It doesn’t take long to see why. The adjoining office is crammed with pamphlets, placards, books – and even old agency telephone directories. A wartime poster reminds why it’s important to hold on to Social Security cards: “Replacing 1.8 million cards last year cost Uncle Sam the price of 550 jeeps.”
Dig deeper into one file, and there’s a shopworn report from 1952 about problems with account numbers. In another, a 33 1/3 rpm record with comedy bits from Woody Allen, Bill Cosby and Bob Newhart – each introduced by a 30-second pitch for Social Security from Nipsey Russell.
Suddenly, DeWitt scampers up a small ladder. “Ooh, let’s see if I can find…” he says, eventually retrieving another public service announcement, this one recorded by Johnny Mathis.
The Social Security history tour continues in a small museum just a few steps down the hall. DeWitt points out a 1795 pamphlet by Thomas Paine calling for creation of an old-age insurance scheme, the earliest US proposal for social insurance he has found. (He adds, with a laugh, that back then, 50 was considered old age.) There is a pen used by President Franklin D. Roosevelt to sign the 1935 law establishing Social Security is on display, as well as the agency’s first PC – purchased for $9,600 in 1983 and reliant on two floppy disks. Still more artifacts and documents fill a musty overflow storage room upstairs, but DeWitt hopes a new museum and archives set to open in August will have room for it all.
The attention to its past is a bit surprising for an agency best known to many for doling out nine-digit numbers. But while most government offices don’t share such a commitment to their history, DeWitt points to others, like the military branches, which do share it.
“An institution this large and this important in American life has to have a sense of its history,” he explains, pointing out that Social Security is the largest single category in the federal budget. Nearly 51 million Americans – retired and disabled workers and their dependents, and survivors of deceased workers – will receive $650 billion in benefits.
DeWitt began his working life as a Social Security claims representative in Los Angeles 31 years ago, and has been the historian here since 1995. In addition to setting up exhibits and giving tours of the museum, he also manages the archive, helping those inside and outside the agency with research, and does his own writing and research on the institution and the program’s legislative history.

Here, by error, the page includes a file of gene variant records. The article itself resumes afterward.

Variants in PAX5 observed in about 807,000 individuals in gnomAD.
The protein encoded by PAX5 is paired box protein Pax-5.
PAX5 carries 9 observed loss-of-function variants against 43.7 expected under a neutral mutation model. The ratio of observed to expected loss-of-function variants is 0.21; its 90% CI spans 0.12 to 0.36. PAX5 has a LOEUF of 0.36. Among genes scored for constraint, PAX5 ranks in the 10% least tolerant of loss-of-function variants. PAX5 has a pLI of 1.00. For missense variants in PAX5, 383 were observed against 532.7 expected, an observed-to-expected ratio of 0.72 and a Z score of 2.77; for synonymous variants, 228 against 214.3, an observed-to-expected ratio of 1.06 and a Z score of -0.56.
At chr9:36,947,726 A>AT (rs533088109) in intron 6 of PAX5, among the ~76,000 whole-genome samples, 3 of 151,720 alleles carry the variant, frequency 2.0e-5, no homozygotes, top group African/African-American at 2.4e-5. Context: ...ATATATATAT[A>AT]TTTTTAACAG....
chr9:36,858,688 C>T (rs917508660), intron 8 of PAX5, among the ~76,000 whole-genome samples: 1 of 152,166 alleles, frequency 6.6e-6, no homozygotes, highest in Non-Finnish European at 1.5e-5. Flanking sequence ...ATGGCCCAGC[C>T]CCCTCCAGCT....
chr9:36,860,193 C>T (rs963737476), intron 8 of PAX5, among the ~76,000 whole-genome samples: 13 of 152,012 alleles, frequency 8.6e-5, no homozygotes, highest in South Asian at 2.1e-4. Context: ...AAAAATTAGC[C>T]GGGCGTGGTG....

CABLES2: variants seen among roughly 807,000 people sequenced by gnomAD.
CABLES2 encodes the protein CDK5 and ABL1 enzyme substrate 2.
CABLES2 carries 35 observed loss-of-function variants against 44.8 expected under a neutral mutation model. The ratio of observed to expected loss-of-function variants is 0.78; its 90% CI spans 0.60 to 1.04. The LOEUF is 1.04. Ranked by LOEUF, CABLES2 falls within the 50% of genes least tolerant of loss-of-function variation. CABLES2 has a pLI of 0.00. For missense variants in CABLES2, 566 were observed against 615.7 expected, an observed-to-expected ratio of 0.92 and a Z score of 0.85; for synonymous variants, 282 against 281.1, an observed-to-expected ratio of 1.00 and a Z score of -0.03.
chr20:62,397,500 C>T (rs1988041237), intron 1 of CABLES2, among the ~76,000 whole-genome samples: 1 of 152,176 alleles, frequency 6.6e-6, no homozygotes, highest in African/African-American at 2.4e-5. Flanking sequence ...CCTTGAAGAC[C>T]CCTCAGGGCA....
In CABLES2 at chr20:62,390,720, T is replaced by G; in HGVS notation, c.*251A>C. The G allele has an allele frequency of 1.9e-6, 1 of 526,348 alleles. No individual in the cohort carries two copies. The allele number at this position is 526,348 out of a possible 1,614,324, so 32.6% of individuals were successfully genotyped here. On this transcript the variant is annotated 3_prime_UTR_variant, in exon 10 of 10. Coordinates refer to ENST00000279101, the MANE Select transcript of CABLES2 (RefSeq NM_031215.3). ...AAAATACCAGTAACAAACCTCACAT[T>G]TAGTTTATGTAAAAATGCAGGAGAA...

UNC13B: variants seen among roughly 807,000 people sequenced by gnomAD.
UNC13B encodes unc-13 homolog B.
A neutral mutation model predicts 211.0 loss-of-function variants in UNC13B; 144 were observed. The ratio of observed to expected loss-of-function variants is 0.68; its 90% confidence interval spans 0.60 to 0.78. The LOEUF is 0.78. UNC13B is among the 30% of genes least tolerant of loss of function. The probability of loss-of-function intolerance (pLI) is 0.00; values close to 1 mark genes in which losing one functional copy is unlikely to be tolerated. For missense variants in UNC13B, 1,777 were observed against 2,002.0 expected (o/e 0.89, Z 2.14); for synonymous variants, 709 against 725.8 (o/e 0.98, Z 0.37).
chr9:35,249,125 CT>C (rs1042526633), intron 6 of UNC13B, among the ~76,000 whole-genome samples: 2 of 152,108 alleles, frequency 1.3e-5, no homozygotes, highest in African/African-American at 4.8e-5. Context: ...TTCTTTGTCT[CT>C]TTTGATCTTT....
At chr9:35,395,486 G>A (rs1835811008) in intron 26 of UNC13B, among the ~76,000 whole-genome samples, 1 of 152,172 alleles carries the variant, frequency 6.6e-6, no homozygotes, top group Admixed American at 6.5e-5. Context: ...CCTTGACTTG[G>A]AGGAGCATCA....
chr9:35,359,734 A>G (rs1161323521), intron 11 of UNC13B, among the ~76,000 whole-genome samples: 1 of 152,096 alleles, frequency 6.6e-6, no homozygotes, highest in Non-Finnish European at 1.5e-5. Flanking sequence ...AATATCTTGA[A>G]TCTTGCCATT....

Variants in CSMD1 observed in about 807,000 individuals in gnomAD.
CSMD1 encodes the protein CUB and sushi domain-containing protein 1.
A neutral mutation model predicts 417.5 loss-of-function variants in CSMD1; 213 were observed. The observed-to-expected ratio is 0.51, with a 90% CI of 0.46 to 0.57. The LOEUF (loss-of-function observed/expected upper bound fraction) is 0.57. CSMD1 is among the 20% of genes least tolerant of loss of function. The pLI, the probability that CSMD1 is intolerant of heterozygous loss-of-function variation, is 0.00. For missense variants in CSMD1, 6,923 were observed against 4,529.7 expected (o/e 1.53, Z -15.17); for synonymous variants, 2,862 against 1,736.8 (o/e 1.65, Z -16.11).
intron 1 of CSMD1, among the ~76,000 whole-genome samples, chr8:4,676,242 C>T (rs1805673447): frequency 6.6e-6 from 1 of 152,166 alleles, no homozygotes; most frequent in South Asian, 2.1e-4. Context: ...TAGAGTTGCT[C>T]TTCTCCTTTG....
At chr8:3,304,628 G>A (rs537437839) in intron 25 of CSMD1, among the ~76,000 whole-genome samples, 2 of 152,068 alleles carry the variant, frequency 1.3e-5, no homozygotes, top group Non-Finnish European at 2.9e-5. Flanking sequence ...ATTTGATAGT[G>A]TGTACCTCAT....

Attracted to UMBC because of its welcoming approach to mid-career professionals and part-time students, DeWitt completed his master’s in historical studies in 2004, writing his thesis on a little-known program run by the Social Security Administration that provided assistance to the families of Japanese-Americans who were interned during World War II and helped internees with relocation and job placement when they were released.
DeWitt is now working on a Ph.D. in public policy, and plans to write his dissertation about the tenure of Arthur Altmeyer, a high-ranking executive during the first two decades of Social Security who oversaw the program’s founding, as well as its first major expansion, to include dependents and survivors. Somehow, he also maintains a personal website, www.larrydewitt.net, which touches on history, philosophy, public policy, and poetry.
After he retires from his historian’s post, DeWitt hopes to teach at a university. But his documentary history of the agency’s past is already providing a new tool for those who teach about America’s social contract. Social Security: A Documentary History was intended for university libraries, and it relies on primary documents, such as speeches, committee reports, congressional testimony, and letters – many drawn from the agency’s archive – to trace the legislative development of the program.
It’s weedy stuff for the general reader. But for students of the program, such a complete overview in a single spot, with detailed treatment of expanding benefits to new categories of workers, indexing payments to the inflation rate, and other issues is invaluable. It is also clear evidence that today’s debates about privatization and solvency really aren’t new. Not convinced? Check out the debate over 1939 amendments, designed to shrink the size of the program’s projected surplus – deemed too tempting while the federal budget was in constant deficit – or a 1983 report from the Cato Institute that pushes for private accounts.
DeWitt doesn’t like to weigh in on current arguments. But he insists that those who do should know their stuff. “We historians believe that in order to understand contemporary policy debates correctly, you need to have a historical context for them. And that’s what we try to provide,” he says. “We don’t take positions. We try to show how we got to where we are.”
For all his Social Security knowledge, there is one historical detail that eludes DeWitt. In that familiar photograph of Roosevelt signing the program into law, surrounded by dignitaries such as Secretary of Labor Frances Perkins, who is the bow-tied man standing at the back? “If I could solve this, I could retire.”